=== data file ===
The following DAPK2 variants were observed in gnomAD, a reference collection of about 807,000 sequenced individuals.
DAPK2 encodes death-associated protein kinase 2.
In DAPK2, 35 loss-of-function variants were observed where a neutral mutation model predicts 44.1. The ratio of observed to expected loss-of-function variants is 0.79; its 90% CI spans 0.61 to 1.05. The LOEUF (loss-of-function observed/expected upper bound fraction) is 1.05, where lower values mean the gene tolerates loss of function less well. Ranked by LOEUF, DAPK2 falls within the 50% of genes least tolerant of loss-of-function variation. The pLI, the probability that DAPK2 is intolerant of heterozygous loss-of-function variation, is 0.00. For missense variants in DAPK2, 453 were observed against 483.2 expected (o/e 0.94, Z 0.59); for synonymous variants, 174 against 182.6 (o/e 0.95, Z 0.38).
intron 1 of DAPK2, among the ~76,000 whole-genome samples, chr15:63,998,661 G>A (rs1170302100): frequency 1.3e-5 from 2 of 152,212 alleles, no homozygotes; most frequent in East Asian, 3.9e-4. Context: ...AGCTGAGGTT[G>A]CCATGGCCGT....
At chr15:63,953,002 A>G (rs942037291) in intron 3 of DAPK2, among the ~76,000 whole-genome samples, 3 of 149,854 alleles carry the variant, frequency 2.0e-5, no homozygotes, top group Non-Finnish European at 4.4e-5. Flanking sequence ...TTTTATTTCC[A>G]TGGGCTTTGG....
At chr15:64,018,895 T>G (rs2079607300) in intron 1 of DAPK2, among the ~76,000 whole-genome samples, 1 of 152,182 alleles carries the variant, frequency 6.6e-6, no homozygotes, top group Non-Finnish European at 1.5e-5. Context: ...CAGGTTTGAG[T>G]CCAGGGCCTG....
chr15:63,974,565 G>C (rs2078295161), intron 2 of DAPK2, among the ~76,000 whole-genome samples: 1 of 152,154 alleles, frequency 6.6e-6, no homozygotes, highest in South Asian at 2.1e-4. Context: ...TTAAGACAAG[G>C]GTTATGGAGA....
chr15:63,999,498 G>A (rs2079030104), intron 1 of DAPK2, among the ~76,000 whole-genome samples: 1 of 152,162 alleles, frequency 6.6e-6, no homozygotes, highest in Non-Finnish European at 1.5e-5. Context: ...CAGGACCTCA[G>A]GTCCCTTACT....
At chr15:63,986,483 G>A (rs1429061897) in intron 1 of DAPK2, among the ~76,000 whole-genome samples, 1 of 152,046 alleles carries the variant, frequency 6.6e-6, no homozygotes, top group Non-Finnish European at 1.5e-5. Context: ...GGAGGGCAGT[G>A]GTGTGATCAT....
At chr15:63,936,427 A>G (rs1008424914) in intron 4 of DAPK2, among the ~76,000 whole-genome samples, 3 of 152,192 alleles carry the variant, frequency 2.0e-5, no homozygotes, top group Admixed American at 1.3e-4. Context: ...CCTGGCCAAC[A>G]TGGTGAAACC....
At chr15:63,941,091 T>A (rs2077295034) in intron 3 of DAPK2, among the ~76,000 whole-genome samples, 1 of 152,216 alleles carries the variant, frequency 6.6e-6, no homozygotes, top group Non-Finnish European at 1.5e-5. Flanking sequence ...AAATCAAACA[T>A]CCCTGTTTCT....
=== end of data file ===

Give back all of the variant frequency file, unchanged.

The following DAPK2 variants were observed in gnomAD, a reference collection of about 807,000 sequenced individuals.
DAPK2 encodes death-associated protein kinase 2.
In DAPK2, 35 loss-of-function variants were observed where a neutral mutation model predicts 44.1. The ratio of observed to expected loss-of-function variants is 0.79; its 90% CI spans 0.61 to 1.05. The LOEUF (loss-of-function observed/expected upper bound fraction) is 1.05, where lower values mean the gene tolerates loss of function less well. Ranked by LOEUF, DAPK2 falls within the 50% of genes least tolerant of loss-of-function variation. The pLI, the probability that DAPK2 is intolerant of heterozygous loss-of-function variation, is 0.00. For missense variants in DAPK2, 453 were observed against 483.2 expected (o/e 0.94, Z 0.59); for synonymous variants, 174 against 182.6 (o/e 0.95, Z 0.38).
intron 1 of DAPK2, among the ~76,000 whole-genome samples, chr15:63,998,661 G>A (rs1170302100): frequency 1.3e-5 from 2 of 152,212 alleles, no homozygotes; most frequent in East Asian, 3.9e-4. Context: ...AGCTGAGGTT[G>A]CCATGGCCGT....
At chr15:63,953,002 A>G (rs942037291) in intron 3 of DAPK2, among the ~76,000 whole-genome samples, 3 of 149,854 alleles carry the variant, frequency 2.0e-5, no homozygotes, top group Non-Finnish European at 4.4e-5. Flanking sequence ...TTTTATTTCC[A>G]TGGGCTTTGG....
At chr15:64,018,895 T>G (rs2079607300) in intron 1 of DAPK2, among the ~76,000 whole-genome samples, 1 of 152,182 alleles carries the variant, frequency 6.6e-6, no homozygotes, top group Non-Finnish European at 1.5e-5. Context: ...CAGGTTTGAG[T>G]CCAGGGCCTG....
chr15:63,974,565 G>C (rs2078295161), intron 2 of DAPK2, among the ~76,000 whole-genome samples: 1 of 152,154 alleles, frequency 6.6e-6, no homozygotes, highest in South Asian at 2.1e-4. Context: ...TTAAGACAAG[G>C]GTTATGGAGA....
chr15:63,999,498 G>A (rs2079030104), intron 1 of DAPK2, among the ~76,000 whole-genome samples: 1 of 152,162 alleles, frequency 6.6e-6, no homozygotes, highest in Non-Finnish European at 1.5e-5. Context: ...CAGGACCTCA[G>A]GTCCCTTACT....
At chr15:63,986,483 G>A (rs1429061897) in intron 1 of DAPK2, among the ~76,000 whole-genome samples, 1 of 152,046 alleles carries the variant, frequency 6.6e-6, no homozygotes, top group Non-Finnish European at 1.5e-5. Context: ...GGAGGGCAGT[G>A]GTGTGATCAT....
At chr15:63,936,427 A>G (rs1008424914) in intron 4 of DAPK2, among the ~76,000 whole-genome samples, 3 of 152,192 alleles carry the variant, frequency 2.0e-5, no homozygotes, top group Admixed American at 1.3e-4. Context: ...CCTGGCCAAC[A>G]TGGTGAAACC....
At chr15:63,941,091 T>A (rs2077295034) in intron 3 of DAPK2, among the ~76,000 whole-genome samples, 1 of 152,216 alleles carries the variant, frequency 6.6e-6, no homozygotes, top group Non-Finnish European at 1.5e-5. Flanking sequence ...AAATCAAACA[T>A]CCCTGTTTCT....